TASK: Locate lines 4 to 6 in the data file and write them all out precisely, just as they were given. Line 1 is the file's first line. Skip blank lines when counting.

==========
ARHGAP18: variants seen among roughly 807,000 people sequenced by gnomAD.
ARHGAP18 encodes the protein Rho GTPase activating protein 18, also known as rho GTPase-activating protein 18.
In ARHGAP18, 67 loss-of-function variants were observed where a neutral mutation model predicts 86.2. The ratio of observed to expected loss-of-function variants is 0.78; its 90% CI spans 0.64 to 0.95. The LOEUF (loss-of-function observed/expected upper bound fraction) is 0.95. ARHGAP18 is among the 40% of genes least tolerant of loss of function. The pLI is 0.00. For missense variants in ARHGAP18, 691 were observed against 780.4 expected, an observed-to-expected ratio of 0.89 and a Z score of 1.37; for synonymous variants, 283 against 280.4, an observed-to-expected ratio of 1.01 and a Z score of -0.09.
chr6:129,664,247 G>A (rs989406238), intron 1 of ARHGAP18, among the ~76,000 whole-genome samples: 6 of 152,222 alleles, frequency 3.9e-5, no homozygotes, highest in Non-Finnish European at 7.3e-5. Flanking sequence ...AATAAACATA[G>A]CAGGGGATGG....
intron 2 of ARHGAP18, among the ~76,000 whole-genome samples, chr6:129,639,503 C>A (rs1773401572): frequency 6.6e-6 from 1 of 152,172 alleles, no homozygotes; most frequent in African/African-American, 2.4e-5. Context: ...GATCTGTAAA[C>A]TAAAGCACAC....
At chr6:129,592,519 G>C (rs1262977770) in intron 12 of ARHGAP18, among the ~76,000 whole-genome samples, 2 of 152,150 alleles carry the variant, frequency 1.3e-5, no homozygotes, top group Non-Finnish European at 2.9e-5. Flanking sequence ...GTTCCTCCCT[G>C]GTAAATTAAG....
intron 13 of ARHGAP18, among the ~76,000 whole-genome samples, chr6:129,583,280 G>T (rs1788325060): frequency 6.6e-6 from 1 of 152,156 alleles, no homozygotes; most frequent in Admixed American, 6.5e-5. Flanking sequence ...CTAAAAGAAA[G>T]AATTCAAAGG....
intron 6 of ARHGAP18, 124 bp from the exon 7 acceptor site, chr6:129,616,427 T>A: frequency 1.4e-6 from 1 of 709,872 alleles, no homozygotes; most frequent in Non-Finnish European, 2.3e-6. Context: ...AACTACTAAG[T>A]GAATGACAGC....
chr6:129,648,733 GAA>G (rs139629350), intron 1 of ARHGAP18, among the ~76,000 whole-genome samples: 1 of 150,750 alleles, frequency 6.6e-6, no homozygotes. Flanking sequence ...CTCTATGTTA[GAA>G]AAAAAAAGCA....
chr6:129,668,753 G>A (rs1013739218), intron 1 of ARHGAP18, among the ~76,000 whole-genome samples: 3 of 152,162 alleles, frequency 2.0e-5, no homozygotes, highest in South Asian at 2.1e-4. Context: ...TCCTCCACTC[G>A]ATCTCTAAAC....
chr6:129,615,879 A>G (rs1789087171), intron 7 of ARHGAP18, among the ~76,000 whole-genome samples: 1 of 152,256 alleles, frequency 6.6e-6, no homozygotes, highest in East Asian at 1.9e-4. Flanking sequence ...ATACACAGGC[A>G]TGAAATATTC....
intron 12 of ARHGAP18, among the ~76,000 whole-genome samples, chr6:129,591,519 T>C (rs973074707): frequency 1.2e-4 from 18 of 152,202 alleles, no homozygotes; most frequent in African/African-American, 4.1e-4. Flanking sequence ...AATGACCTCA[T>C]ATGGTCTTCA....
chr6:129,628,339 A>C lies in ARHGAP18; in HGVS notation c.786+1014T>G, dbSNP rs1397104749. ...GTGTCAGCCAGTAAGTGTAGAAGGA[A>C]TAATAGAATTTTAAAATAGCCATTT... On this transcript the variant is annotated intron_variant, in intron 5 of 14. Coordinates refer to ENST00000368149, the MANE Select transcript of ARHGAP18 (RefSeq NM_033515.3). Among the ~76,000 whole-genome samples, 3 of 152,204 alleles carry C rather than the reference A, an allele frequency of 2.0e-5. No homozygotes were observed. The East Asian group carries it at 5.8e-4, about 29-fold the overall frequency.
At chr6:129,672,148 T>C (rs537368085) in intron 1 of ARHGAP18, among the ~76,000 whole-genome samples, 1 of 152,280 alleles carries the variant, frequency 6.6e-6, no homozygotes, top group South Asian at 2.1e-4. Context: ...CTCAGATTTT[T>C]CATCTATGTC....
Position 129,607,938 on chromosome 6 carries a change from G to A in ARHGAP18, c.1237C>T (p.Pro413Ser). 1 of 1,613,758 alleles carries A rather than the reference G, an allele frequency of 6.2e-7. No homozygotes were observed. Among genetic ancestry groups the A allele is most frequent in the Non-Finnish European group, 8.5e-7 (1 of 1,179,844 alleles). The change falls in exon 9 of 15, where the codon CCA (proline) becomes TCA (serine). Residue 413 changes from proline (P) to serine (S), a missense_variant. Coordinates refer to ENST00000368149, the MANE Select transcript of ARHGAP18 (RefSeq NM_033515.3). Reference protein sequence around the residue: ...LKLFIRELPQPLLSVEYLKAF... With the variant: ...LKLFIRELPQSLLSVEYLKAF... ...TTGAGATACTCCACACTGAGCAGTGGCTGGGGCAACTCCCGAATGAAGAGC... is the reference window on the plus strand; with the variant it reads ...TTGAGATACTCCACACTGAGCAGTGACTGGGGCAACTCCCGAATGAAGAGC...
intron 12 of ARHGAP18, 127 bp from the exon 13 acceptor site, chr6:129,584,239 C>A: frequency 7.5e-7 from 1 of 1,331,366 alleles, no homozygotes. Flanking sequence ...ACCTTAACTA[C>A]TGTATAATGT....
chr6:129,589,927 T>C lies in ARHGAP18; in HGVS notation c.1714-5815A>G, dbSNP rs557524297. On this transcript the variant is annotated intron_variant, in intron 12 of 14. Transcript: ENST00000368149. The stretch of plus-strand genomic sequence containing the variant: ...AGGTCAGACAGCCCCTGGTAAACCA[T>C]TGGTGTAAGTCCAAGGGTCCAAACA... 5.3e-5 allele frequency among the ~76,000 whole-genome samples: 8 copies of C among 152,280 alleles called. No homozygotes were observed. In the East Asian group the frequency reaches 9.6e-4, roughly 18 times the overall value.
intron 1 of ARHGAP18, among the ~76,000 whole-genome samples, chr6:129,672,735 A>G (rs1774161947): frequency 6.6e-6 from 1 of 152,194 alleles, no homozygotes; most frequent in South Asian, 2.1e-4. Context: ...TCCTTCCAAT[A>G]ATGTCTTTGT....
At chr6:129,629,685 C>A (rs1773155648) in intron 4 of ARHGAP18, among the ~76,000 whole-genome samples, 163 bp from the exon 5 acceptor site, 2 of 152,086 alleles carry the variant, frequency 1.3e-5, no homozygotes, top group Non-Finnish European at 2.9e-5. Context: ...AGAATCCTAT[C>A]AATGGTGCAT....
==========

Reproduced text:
chr6:129,664,247 G>A (rs989406238), intron 1 of ARHGAP18, among the ~76,000 whole-genome samples: 6 of 152,222 alleles, frequency 3.9e-5, no homozygotes, highest in Non-Finnish European at 7.3e-5. Flanking sequence ...AATAAACATA[G>A]CAGGGGATGG....
intron 2 of ARHGAP18, among the ~76,000 whole-genome samples, chr6:129,639,503 C>A (rs1773401572): frequency 6.6e-6 from 1 of 152,172 alleles, no homozygotes; most frequent in African/African-American, 2.4e-5. Context: ...GATCTGTAAA[C>A]TAAAGCACAC....
At chr6:129,592,519 G>C (rs1262977770) in intron 12 of ARHGAP18, among the ~76,000 whole-genome samples, 2 of 152,150 alleles carry the variant, frequency 1.3e-5, no homozygotes, top group Non-Finnish European at 2.9e-5. Flanking sequence ...GTTCCTCCCT[G>C]GTAAATTAAG....